Very few people know about the Internet Archive’s Wayback Machine. It is an amazing tool, which lets you look at the history of websites, that is to say how they have looked over time.
Here, picking an example totally at random, is the history of the Department of Justice Access to Justice Program Website.
Here is part of the page, which acts as a gateway into all the dates that have been captured.
Using this, you can see what many many sites looked like in the past. Here, for example, is the first capture of that site, performed in November 2010, when Larry Tribe was still head of the Access Office.
This may turn out to be a particularly important tool as government data may be less reliably permanent in the time to come.
The system even includes a tool to capture a website as of now,, for future precise and reliable citation. (This only works with sites that allow crawlers.)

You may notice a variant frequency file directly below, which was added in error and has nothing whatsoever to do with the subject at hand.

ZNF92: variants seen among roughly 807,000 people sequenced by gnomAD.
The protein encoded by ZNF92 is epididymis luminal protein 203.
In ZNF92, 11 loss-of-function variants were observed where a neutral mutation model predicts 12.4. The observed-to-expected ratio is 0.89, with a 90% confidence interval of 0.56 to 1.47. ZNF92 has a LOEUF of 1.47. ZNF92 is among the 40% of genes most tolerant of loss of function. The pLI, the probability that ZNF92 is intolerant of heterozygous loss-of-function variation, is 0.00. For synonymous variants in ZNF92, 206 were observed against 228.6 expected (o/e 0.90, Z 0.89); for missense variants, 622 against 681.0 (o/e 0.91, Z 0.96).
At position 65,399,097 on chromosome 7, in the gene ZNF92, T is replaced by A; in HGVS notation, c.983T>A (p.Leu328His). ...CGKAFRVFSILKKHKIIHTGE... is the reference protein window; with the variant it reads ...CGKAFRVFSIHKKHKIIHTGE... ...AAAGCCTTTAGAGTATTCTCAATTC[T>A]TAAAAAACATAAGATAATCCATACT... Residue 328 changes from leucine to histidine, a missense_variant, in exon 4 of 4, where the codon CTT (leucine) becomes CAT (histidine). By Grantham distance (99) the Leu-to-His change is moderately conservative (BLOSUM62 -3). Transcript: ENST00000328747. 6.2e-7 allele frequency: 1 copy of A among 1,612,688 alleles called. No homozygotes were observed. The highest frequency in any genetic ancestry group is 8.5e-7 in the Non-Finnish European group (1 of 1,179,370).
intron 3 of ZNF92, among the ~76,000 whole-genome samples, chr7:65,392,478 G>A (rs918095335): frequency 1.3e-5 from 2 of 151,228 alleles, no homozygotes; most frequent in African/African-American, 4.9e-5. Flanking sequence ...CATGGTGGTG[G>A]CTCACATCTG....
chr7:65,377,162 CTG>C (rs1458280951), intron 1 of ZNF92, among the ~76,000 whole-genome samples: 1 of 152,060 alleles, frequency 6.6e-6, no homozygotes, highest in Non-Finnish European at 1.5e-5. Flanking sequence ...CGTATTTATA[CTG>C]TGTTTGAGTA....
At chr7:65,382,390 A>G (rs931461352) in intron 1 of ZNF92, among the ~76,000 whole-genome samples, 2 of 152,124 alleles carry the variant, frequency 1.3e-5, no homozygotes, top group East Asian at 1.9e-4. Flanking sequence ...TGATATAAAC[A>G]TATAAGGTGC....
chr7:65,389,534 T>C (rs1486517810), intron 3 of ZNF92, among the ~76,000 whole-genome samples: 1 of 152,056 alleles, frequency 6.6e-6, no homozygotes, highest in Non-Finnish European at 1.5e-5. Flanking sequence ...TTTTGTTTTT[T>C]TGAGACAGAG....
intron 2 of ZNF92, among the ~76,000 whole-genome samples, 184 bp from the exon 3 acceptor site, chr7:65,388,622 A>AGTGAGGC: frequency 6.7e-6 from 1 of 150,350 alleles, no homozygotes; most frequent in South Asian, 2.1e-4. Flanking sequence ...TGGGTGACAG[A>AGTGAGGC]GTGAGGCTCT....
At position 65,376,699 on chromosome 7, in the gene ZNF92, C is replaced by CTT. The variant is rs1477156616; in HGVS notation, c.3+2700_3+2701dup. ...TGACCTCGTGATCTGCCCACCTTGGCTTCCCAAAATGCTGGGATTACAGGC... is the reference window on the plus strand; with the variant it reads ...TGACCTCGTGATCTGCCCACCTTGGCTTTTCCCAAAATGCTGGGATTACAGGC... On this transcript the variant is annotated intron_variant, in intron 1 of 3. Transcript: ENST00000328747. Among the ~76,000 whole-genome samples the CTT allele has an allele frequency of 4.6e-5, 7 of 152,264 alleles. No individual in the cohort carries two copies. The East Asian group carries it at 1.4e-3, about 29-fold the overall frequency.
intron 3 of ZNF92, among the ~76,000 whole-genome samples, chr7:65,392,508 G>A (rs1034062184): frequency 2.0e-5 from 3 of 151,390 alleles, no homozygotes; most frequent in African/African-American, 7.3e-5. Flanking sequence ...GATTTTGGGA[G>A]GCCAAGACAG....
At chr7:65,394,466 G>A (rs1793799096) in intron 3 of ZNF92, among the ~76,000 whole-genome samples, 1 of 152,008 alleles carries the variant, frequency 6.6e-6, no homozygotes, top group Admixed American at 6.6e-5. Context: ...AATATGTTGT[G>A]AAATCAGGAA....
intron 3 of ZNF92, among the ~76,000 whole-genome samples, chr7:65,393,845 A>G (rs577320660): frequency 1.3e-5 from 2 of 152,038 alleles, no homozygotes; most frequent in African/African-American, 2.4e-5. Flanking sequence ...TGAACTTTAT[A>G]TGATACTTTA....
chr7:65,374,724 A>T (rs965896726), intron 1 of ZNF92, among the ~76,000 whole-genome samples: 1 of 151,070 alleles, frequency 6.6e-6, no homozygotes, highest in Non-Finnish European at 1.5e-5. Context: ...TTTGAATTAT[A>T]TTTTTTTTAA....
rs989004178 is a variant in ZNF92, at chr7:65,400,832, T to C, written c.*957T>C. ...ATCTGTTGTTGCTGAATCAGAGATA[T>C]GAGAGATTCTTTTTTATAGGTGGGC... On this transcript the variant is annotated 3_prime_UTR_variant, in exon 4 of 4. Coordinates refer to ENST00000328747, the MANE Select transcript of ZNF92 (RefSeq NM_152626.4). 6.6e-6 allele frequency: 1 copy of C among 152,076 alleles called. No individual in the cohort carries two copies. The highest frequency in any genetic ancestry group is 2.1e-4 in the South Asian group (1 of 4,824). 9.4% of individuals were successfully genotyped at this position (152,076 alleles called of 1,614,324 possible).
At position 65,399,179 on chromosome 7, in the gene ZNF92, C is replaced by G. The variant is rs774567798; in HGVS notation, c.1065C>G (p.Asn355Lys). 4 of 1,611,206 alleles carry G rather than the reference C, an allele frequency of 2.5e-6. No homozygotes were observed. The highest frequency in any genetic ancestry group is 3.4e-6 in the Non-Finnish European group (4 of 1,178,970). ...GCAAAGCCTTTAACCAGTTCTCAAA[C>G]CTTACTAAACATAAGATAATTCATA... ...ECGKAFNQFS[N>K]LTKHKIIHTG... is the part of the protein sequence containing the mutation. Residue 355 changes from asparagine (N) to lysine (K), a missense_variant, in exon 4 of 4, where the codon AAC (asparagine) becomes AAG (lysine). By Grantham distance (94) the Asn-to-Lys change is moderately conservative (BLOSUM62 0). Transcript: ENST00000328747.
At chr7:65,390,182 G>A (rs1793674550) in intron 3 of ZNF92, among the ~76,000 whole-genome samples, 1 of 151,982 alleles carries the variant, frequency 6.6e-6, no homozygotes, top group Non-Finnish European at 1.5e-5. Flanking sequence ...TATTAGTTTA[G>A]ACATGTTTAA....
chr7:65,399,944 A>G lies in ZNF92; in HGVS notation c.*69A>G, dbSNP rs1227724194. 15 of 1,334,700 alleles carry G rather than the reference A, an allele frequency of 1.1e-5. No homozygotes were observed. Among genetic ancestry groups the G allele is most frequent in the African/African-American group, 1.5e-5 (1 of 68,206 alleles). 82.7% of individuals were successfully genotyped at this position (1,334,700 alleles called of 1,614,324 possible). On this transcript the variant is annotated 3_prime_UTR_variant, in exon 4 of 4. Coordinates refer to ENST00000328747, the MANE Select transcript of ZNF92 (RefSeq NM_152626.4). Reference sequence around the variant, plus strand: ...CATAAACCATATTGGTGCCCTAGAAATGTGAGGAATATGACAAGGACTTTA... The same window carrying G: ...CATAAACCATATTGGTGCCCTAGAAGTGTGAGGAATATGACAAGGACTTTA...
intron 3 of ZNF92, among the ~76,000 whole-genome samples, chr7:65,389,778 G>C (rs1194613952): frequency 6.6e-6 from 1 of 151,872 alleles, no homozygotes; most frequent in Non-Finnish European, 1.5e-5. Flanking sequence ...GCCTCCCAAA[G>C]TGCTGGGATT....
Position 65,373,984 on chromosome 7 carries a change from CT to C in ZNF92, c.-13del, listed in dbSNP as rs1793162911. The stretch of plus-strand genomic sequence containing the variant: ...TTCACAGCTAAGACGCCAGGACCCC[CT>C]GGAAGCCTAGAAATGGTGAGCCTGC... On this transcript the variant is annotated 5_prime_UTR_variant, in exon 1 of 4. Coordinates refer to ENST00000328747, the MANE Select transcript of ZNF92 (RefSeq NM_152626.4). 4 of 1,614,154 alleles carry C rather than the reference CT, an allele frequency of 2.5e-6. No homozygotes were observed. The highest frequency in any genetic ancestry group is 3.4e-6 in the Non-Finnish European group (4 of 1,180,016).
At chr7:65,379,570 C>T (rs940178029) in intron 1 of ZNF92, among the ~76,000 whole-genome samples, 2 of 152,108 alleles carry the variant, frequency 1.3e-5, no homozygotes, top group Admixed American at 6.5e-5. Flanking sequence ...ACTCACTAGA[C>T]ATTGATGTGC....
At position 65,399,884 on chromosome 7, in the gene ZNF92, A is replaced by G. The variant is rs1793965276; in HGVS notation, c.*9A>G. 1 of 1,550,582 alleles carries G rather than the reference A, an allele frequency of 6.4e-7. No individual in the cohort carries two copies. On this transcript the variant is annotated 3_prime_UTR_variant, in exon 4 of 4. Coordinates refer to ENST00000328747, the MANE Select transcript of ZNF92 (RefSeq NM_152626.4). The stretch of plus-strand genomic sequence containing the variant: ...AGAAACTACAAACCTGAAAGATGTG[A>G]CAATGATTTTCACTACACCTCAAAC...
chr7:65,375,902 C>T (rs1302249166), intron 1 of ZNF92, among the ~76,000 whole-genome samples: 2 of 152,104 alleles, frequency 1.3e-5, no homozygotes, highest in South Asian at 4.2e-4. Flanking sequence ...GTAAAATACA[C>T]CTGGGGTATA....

I would strongly encourage anyone dealing with governments that might change their histories and commitments to use this tool to trap and keep the history. It can also be used to prove the public positions that corporations have taken or implied.
It is almost as if we were to discover that the Memory Hole in 1984 in fact kept a history, rather than burned everything. (Now there is a nice idea for a novel. It would make all the Stasi revelations seem like child’s play.)